Deputy Features Editor Lisa Denton recently interviewed actress and reality-show host Alison Sweeney by e-mail about "Days of Our Lives" and "The Biggest Loser" as well as what she wants the audience to bring to her visit to Ladies Night Out in Dalton, Ga.
Q: I've read that you were no more than a size 12 at your largest, certainly not obese but large by Hollywood standards. What's it like trying to live in that fishbowl?
A: It's really difficult to be under the Hollywood microscope. Whether people openly criticize you or not, you feel the pressure of looking "different" from you peers. I wanted to be competitive in the career I'd chosen, so it was really emotionally painful. My self-worth was really damaged by it, which was really hard to recover from, but with age and perspective I've learned that my confidence and sense of self comes from my own actions and making choices that are best for me, never mind what I look like in the mirror.
Q: You documented your struggles with weight in your 2004 memoir, "All the Days of My Life (So Far)." Was it difficult, or freeing, to go public with your story?
A: Both! I was glad to write it, knowing it would hopefully inspire and make a positive difference in the lives of my readers. So while it was at some points embarrassing, it was also cathartic and "freeing" is a good word. I was sharing the story to let all those other girls out there experiencing the same feelings know that they aren't alone.
Q: You stay busy with "The Biggest Loser" and "Days of our Lives," in addition to other career obligations. How do you make being busy work for you, rather than it being a source of stress?
A: It can definitely be stressful, and I go through days where I am tired and frustrated, and then come home to lots of family demands before I can put my feet up, but ultimately, it's so worth it. All of it. And that's where I get a renewed confidence that I'm doing the right thing, making the right choices.
Q: Do you find more people relate to you now for the soap or for the reality show?
A: I've been a part of "Days" for a long time - there are so many people who've watched over the years that there is an awesome, loyal fan base there. "The Biggest Loser" is something fans stop to talk to me about. It's just different.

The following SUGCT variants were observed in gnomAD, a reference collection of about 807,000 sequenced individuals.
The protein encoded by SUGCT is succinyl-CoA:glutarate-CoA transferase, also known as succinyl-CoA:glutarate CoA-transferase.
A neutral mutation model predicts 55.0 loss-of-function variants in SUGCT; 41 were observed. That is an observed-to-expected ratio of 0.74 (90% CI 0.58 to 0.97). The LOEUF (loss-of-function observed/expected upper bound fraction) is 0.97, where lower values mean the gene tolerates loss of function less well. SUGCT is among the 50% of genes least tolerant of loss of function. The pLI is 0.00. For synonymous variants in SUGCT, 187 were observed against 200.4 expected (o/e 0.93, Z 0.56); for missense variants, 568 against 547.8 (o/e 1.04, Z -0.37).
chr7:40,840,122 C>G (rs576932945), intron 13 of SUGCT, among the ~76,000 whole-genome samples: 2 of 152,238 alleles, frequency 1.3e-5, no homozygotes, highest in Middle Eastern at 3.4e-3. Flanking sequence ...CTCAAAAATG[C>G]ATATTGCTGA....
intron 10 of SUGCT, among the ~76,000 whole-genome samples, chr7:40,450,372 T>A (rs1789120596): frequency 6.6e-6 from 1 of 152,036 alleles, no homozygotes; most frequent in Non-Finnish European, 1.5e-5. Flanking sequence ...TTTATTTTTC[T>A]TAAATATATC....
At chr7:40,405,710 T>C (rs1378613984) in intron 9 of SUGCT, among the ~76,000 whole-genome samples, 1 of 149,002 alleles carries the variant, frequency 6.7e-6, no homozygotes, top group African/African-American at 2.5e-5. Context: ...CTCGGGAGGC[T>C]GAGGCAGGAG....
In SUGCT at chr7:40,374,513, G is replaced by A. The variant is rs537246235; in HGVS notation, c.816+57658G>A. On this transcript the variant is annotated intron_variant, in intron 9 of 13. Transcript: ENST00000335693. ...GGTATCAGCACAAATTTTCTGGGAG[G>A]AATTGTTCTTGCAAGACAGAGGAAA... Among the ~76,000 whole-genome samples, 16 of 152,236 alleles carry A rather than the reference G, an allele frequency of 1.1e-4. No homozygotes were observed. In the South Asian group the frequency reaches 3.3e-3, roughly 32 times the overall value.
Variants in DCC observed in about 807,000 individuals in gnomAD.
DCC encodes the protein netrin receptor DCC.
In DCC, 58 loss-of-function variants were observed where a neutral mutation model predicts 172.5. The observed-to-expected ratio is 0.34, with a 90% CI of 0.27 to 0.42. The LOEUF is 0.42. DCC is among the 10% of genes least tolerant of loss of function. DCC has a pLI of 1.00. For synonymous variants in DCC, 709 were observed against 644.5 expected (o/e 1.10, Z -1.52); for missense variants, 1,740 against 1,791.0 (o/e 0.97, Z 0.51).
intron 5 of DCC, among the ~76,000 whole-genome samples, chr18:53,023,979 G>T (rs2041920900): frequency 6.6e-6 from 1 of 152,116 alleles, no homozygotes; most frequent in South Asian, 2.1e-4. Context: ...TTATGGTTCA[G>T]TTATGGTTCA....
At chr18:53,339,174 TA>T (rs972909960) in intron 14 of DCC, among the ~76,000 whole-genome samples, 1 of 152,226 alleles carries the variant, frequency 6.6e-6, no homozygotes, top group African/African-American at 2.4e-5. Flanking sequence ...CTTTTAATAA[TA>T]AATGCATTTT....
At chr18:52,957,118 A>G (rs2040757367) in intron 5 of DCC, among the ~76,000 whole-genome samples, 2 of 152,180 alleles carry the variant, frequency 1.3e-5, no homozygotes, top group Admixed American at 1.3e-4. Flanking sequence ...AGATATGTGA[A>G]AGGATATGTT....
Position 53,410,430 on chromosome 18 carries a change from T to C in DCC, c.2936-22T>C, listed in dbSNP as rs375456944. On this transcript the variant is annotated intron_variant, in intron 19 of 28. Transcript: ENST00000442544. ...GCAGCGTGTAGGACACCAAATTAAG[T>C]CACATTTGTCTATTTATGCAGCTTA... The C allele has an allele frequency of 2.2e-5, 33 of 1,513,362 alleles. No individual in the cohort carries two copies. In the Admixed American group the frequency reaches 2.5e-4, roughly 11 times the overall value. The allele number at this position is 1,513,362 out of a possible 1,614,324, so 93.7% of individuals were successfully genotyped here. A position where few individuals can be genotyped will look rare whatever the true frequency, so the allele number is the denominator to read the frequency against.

Q: Tell me about your responsibilities on "The Biggest Loser." Are there any contestants whose stories/struggles have really moved you?
A: I get to know the contestants well, and I care about all of them. It's so hard to say goodbye when they get eliminated. Abby's story from Season 8 is one that I know will stay with me forever. Her strength and courage in the face of such an overwhelming family tragedy was truly inspiring. Also Michael, from this season, our heaviest contestant ever at 524 - his enthusiasm, confidence and willingness to just keep trying - he's been an inspiration to me.
Q: You've had some dramatic story lines on "DOOL." What's next for Sami? Any breaks from the anguish?
A: Sami has had quite a year. It's been tough to play such tragedy in her life and so many heartbreaks. Right now, we are shooting an amazing tribute to Alice Horton. Frances Reid passed away earlier this year, and they wrote it into several wonderful shows to pay tribute to her and her beloved character. We are immersed in that story beat, and it's wonderful to see so many wonderful actors return to the show to be a part of it.
Q: Your upcoming book, "The Mommy Diet," sounds like it's meant for family fitness with moms as the guiding force. What are some tips you can offer?
A: "The Mommy Diet" will be coming out a the end of the year, and, yes, it's filled with tips and guidelines on how to stay healthy and fit (mentally as well as physically) during and after pregnancy. There are so many wonderful books that I read and benefited from on how to take care of your newborn and young children, so I wanted this book to focus on the mom! Often, you get left out of the equation, so I really wanted the attention to be on helping moms take care of themselves, and then the trickle-down effect being they can take better care of their families.
Q: What do you hope women attending the Ladies Night Out in Dalton will take away from the experience?
A: I hope we all have a great time, and that people bring questions! I want to talk about how to find the balance between taking care of your family and taking care of yourself. So many contestants come to "The Biggest Loser" taking care of their loved ones, at the expense of themselves.. Learning that it's not selfish is a big first step. I have some tips on how to carry that forward, diet and exercise advice, ways to actually turn it into a reality - from one working mom to another.